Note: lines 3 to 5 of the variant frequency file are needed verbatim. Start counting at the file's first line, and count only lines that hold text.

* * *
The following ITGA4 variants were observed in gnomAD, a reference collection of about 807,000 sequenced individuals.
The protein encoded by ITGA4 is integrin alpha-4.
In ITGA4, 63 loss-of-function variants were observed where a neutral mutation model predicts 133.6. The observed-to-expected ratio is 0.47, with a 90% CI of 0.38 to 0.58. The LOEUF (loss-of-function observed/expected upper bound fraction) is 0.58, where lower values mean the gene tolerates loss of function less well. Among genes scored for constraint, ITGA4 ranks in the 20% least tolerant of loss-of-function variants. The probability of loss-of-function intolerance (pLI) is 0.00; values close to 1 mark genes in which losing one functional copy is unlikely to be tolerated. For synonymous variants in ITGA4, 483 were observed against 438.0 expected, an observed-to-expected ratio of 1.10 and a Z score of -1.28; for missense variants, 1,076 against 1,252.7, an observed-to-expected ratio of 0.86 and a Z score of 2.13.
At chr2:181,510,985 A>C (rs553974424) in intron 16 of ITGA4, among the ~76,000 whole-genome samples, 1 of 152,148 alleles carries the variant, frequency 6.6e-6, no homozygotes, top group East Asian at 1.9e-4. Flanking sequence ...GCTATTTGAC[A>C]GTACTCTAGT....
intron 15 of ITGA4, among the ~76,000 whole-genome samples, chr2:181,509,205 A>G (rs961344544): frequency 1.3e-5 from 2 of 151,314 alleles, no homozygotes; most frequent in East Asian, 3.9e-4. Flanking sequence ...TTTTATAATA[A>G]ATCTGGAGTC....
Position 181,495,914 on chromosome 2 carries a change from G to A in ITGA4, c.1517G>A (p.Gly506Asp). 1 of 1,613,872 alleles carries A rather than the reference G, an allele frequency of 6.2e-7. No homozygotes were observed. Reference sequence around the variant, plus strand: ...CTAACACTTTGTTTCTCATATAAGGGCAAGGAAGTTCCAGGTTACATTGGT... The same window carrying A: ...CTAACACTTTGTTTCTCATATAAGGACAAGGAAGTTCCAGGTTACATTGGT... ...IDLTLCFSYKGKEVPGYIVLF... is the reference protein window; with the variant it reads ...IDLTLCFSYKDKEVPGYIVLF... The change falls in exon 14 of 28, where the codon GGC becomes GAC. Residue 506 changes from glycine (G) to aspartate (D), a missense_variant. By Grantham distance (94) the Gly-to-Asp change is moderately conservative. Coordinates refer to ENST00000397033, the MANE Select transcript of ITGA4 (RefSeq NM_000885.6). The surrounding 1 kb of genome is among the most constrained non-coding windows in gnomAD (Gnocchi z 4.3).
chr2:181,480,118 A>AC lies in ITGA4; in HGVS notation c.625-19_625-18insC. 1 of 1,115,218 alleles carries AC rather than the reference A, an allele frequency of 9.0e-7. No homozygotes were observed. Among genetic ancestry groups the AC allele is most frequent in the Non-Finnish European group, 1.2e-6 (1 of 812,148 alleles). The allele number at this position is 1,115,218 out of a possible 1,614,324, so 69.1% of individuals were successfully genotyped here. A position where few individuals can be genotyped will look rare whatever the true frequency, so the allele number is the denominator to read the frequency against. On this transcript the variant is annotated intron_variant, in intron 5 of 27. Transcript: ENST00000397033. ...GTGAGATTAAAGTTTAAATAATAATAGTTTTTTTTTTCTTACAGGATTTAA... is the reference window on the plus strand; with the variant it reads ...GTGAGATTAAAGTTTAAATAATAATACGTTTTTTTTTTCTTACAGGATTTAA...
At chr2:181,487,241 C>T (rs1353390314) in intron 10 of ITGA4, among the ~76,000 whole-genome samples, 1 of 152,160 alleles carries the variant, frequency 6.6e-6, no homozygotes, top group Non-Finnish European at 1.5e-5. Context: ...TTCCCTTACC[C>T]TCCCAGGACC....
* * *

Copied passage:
In ITGA4, 63 loss-of-function variants were observed where a neutral mutation model predicts 133.6. The observed-to-expected ratio is 0.47, with a 90% CI of 0.38 to 0.58. The LOEUF (loss-of-function observed/expected upper bound fraction) is 0.58, where lower values mean the gene tolerates loss of function less well. Among genes scored for constraint, ITGA4 ranks in the 20% least tolerant of loss-of-function variants. The probability of loss-of-function intolerance (pLI) is 0.00; values close to 1 mark genes in which losing one functional copy is unlikely to be tolerated. For synonymous variants in ITGA4, 483 were observed against 438.0 expected, an observed-to-expected ratio of 1.10 and a Z score of -1.28; for missense variants, 1,076 against 1,252.7, an observed-to-expected ratio of 0.86 and a Z score of 2.13.
At chr2:181,510,985 A>C (rs553974424) in intron 16 of ITGA4, among the ~76,000 whole-genome samples, 1 of 152,148 alleles carries the variant, frequency 6.6e-6, no homozygotes, top group East Asian at 1.9e-4. Flanking sequence ...GCTATTTGAC[A>C]GTACTCTAGT....
intron 15 of ITGA4, among the ~76,000 whole-genome samples, chr2:181,509,205 A>G (rs961344544): frequency 1.3e-5 from 2 of 151,314 alleles, no homozygotes; most frequent in East Asian, 3.9e-4. Flanking sequence ...TTTTATAATA[A>G]ATCTGGAGTC....